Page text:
High-ranking officials within the Trump administration have been scrambling since Tuesday evening to contain the fallout that resulted from Trump's remarks, which were reportedly improvised.
President Trump tweeted today: 'Hopefully we will never have to use this power, but there will never be a time that we are not the most powerful nation in the world'.
In an op-ed published on Wednesday in the New York Times, the former ambassador to the United Nations downplayed North Korea's threats, saying "we have long lived with successive Kims' belligerent and colorful rhetoric". He said Kim Jong Un's regime should listen to and "act on that clarity".
Ironically, much of the modernization was set in motion under President Barack Obama, who was a lifelong opponent of nuclear weapons, negotiated New START and became the first sitting president to visit Hiroshima, site of the world's first nuclear attack by the United States in World War II. The spread of fallout, and the threat of a spiral of attacks that could bring about a "nuclear winter", all but guarantee that Americans would share in the suffering and loss of a nuclear exchange on the Korean peninsula or anywhere in the Pacific.
South Dakota Airmen Team Up With South Korean, Japanese Counterparts
This is the latest in a series of similar cross-border defection cases by North Korean citizens this year. Nevertheless, the two countries joined the others in calls to stop missile tests in North Korea .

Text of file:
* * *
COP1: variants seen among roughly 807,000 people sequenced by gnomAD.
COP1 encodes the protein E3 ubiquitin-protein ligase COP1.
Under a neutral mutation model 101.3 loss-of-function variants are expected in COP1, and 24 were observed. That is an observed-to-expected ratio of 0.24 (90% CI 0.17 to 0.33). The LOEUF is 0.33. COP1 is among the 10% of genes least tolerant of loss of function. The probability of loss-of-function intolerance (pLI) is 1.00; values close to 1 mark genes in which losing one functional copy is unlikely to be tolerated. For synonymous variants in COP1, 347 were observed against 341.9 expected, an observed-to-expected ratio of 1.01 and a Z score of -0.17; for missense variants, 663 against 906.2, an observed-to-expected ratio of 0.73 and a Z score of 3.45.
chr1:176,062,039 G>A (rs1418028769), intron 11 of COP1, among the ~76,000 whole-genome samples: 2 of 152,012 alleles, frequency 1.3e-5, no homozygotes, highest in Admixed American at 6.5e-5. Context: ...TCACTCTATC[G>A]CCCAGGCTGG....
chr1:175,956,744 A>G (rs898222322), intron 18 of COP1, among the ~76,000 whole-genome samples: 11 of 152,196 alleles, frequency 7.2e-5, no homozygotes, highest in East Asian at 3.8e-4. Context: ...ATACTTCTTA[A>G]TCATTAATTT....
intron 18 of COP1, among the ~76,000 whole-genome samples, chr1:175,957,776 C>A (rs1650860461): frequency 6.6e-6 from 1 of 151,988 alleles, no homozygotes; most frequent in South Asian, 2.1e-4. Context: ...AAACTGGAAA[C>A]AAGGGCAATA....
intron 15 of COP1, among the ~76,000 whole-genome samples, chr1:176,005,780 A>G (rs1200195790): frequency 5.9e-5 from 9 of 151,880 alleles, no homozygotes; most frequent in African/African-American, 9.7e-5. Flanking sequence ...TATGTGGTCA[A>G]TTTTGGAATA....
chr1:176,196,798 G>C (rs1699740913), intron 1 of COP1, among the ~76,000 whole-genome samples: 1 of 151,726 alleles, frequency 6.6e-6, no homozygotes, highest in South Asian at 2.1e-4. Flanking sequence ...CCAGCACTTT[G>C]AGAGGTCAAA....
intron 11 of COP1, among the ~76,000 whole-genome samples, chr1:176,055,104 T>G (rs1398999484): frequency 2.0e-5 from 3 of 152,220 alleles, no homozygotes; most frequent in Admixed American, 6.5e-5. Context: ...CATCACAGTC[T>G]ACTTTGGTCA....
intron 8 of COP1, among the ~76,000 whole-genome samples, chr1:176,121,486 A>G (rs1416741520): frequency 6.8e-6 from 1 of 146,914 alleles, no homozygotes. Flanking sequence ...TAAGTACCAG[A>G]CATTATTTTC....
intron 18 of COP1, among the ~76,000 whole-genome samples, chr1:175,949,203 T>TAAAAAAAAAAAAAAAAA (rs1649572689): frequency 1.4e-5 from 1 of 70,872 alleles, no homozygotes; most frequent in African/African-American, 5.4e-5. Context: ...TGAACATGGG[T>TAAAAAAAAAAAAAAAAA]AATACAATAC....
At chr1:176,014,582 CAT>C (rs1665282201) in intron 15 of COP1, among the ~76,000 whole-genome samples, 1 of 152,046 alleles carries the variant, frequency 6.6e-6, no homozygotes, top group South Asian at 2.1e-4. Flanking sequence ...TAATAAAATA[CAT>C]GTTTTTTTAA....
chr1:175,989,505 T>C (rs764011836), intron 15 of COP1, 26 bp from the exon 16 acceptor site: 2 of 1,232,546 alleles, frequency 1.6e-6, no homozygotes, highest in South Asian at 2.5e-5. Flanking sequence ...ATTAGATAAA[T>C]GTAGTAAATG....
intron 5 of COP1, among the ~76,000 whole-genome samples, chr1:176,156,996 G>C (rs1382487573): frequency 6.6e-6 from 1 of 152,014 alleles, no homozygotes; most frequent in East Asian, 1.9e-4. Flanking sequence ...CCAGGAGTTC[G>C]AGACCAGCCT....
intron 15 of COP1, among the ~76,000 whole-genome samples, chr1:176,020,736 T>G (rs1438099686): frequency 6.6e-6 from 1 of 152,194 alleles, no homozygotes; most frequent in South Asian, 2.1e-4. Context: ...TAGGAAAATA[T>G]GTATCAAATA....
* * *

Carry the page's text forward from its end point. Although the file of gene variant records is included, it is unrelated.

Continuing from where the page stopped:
Tillerson spoke to reporters Wednesday after President Donald Trump and North Korea traded escalating threats of "fire", with the North saying it was examining plans for attacking Guam.
In 2016, then-defence secretary Ash Carter said the Pentagon planned to spend $108billion USA (£83bn) over five years to sustain and improve its nuclear force.
Still, he declined to say whether the U.S.is considering a pre-emptive military strike, arguing that his administration never discusses such deliberations publicly.
Secretary of State Rex Tillerson, en route to Guam Wednesday morning said the president "was sending a strong message to North Korea in language that Kim Jong Un would understand because he doesn't seem to understand diplomatic language".
Of course, Colbert also had words for Trump, who set the global community on edge when he threatened that Kim and his regime "will be met with fire and fury like the world has never seen" if they don't back down.